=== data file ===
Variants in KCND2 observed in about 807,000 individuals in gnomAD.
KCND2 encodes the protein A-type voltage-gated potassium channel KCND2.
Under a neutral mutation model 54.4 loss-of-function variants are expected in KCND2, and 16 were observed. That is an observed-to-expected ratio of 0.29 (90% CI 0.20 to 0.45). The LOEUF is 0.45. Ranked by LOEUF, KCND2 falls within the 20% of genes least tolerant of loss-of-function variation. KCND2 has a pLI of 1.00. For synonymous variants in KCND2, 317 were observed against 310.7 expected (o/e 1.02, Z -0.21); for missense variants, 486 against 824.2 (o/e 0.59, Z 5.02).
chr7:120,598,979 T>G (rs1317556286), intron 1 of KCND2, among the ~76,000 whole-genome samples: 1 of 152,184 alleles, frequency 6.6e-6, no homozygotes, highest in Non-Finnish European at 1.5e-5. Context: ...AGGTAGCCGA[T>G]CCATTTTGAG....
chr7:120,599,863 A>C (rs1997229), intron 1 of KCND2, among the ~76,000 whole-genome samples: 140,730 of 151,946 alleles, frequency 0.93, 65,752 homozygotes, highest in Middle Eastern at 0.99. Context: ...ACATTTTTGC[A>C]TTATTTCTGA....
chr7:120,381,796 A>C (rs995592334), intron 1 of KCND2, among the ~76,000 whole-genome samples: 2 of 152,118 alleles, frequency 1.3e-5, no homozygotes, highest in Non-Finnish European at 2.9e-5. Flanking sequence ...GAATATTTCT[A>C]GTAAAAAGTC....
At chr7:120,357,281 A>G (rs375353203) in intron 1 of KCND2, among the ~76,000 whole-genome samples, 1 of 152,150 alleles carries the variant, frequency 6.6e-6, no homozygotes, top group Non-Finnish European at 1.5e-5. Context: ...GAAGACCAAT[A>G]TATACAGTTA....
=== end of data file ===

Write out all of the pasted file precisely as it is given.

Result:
Variants in KCND2 observed in about 807,000 individuals in gnomAD.
KCND2 encodes the protein A-type voltage-gated potassium channel KCND2.
Under a neutral mutation model 54.4 loss-of-function variants are expected in KCND2, and 16 were observed. That is an observed-to-expected ratio of 0.29 (90% CI 0.20 to 0.45). The LOEUF is 0.45. Ranked by LOEUF, KCND2 falls within the 20% of genes least tolerant of loss-of-function variation. KCND2 has a pLI of 1.00. For synonymous variants in KCND2, 317 were observed against 310.7 expected (o/e 1.02, Z -0.21); for missense variants, 486 against 824.2 (o/e 0.59, Z 5.02).
chr7:120,598,979 T>G (rs1317556286), intron 1 of KCND2, among the ~76,000 whole-genome samples: 1 of 152,184 alleles, frequency 6.6e-6, no homozygotes, highest in Non-Finnish European at 1.5e-5. Context: ...AGGTAGCCGA[T>G]CCATTTTGAG....
chr7:120,599,863 A>C (rs1997229), intron 1 of KCND2, among the ~76,000 whole-genome samples: 140,730 of 151,946 alleles, frequency 0.93, 65,752 homozygotes, highest in Middle Eastern at 0.99. Context: ...ACATTTTTGC[A>C]TTATTTCTGA....
chr7:120,381,796 A>C (rs995592334), intron 1 of KCND2, among the ~76,000 whole-genome samples: 2 of 152,118 alleles, frequency 1.3e-5, no homozygotes, highest in Non-Finnish European at 2.9e-5. Flanking sequence ...GAATATTTCT[A>C]GTAAAAAGTC....
At chr7:120,357,281 A>G (rs375353203) in intron 1 of KCND2, among the ~76,000 whole-genome samples, 1 of 152,150 alleles carries the variant, frequency 6.6e-6, no homozygotes, top group Non-Finnish European at 1.5e-5. Context: ...GAAGACCAAT[A>G]TATACAGTTA....